MedicalResearch.com Interview with:
Dr Paul Turner FRACP PhD
MRC Clinician Scientist and Clinical Senior Lecturer, Imperial College London
Honorary Consultant in Paediatric Allergy & Immunology
Imperial College Healthcare NHS Trust
Hon Consultant, Royal Free Hospital / Royal Brompton & Harefield NHS Foundation Trust
Clinical trials specialist (Paediatrics), Public Health England
Clinical Associate Professor in Paediatrics, University of Sydney, Australia
Dr. Nandinee Patel, MD
Section of Paediatrics
Imperial College London
London, United Kingdom
MRC & Asthma UK Centre in Allergic Mechanisms of Asthma
London, United Kingdom
MedicalResearch.com: What is the background for this study?
Response: Current desensitisation protocols for peanut allergy use defatted roasted peanut flour, which can be difficult to accurately measure in very low doses needed for desensitisation (and thus has resulted in the development of AR101 by Aimmune which is likely cost many thousands of dollars for a course of treatment).
We have previously observed that some children with food allergy to roasted peanut (such as peanut butter) are nonetheless able to tolerate boiled peanuts without reacting. We performed in vitro protein analysis studies which demonstrated that boiling peanuts resulted in around 50% of protein leaching out of the peanut into the cooking water. Furthermore, we found evidence for preferential leaching of allergen epitopes such as Ara h 2 as well aggregation of proteins resulting in a hypoallergenic peanut product.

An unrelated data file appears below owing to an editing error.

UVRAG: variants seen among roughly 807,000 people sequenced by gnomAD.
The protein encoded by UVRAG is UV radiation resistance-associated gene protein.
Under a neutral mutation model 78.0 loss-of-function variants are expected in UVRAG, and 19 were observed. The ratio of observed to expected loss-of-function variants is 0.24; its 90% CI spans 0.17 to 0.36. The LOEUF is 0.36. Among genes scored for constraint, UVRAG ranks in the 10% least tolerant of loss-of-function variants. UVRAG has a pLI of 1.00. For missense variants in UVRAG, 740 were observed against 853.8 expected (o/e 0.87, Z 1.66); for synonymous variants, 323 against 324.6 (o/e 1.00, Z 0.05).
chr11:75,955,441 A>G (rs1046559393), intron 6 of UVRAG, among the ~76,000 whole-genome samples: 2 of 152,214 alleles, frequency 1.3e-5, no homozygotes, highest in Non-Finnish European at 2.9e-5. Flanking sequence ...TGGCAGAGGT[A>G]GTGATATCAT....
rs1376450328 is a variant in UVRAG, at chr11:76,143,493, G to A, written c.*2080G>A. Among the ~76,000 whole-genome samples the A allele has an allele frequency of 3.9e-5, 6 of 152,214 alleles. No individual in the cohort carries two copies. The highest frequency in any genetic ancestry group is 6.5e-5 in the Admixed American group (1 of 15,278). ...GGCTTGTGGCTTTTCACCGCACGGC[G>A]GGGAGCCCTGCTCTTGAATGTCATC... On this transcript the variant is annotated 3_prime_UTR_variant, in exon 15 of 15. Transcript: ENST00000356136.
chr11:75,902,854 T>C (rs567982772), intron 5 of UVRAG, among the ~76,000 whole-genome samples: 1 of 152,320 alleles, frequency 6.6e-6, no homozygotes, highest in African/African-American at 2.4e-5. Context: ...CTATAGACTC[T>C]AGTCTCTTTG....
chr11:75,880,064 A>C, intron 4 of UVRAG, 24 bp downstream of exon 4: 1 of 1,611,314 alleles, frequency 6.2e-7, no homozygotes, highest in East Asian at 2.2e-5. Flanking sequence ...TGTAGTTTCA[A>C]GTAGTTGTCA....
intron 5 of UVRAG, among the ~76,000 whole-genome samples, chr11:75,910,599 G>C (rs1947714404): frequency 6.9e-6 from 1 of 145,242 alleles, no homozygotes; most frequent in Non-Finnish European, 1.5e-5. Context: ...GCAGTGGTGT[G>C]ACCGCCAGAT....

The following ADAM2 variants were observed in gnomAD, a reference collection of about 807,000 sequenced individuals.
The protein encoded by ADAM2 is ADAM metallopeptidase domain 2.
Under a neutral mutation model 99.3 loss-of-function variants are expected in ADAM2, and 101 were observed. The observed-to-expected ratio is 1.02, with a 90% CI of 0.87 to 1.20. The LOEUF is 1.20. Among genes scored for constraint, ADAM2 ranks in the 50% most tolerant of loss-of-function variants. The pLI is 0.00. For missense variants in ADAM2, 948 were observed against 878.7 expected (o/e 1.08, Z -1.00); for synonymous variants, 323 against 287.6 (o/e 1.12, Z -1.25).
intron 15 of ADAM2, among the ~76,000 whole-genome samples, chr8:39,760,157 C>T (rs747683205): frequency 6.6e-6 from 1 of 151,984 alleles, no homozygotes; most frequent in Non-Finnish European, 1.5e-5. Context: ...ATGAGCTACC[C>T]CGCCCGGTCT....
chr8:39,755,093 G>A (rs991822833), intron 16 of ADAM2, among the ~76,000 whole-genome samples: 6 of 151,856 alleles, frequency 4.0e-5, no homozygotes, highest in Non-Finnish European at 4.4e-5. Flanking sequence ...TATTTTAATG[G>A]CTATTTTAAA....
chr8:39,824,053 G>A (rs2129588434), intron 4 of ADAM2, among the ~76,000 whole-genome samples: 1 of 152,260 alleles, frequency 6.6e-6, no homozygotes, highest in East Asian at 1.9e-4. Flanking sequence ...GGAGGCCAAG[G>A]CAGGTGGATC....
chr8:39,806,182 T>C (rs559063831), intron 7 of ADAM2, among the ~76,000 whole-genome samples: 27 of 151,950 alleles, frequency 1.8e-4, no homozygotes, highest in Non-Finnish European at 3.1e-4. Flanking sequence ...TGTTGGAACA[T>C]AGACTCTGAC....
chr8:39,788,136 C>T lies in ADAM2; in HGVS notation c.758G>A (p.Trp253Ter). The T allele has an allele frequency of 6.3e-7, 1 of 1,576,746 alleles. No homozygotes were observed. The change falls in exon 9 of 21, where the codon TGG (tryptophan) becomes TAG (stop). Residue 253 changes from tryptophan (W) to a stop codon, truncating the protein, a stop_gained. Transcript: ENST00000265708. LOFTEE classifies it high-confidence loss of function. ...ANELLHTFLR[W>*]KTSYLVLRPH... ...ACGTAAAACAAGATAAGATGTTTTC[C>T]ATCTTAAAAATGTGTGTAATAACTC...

We therefore sought to assess whether boiled peanuts could be as effective and safe to induce desensitisation.
MedicalResearch.com: What are the main findings?
Response: We recruited 47 children, aged 8-16yrs, with peanut allergy. The majority reacted to under ½ a peanut kernel at double-blind food challenge at the start of the study, before treatment
In the 32 children randomised to oral immunotherapy using boiled peanut, 75% of patients were able to tolerate 1.4 g peanut protein (approx 6-8 peanuts) without developing an objective allergic reaction. 58% could eat more than 20 peanuts without reacting.
Under 11% of doses caused an allergic reaction during the year, and half of these reactions were very transient and mild in nature. There were 19 episode of anaphylaxis occurring in 10 patients (0.2% of all doses administered). Given this, we would not recommend oral immunotherapy being performed without stringent safeguards by experienced healthcare personnel.
There was a significant increase in the quality of life for the children and their patients during the trial.
MedicalResearch.com: What should readers take away from your report?
Response: Oral immunotherapy using boiled peanut is effective in children with peanut allergy. It has a favourable safety profile and was acceptable to participants and their families, making it a potentially feasible therapeutic option for the treatment of peanut allergy.
We hope boiled peanut may provide a treatment option that is effective, safe and potentially a far cheaper alternative method of delivering OIT. We hope this may increase the affordability and accessibility of oral immunotherapy in the future.
MedicalResearch.com: What recommendations do you have for future research as a result of this work?
Response: We are about to launch a study which will perform a head-to-head comparison of boiled peanut with roasted peanut flour to induce desensitisation in peanut-allergic children. This will allow us to directly compare both clinical effect and safety.
Paul Turner is funded by the UK Medical Research Council and Imperial/NIHR Biomedical Research Centre. He is a member of advisory boards for Aimmune Therapeutics and DBV Technologies.
Successful Desensitisation And Sustained Unresponsiveness Using Modified Peanut: Results From The BOPI Study
Nandinee Patel, MD,Marta Vazquez-Ortiz, MD, PhD,Abigail Robb, BSc ,Mohamed H. Shamji, BSc MSc PhD FAAAAI,,Dianne E. Campbell, MBBS FRACP PhD,Paul J. Turner, FRACP PhD
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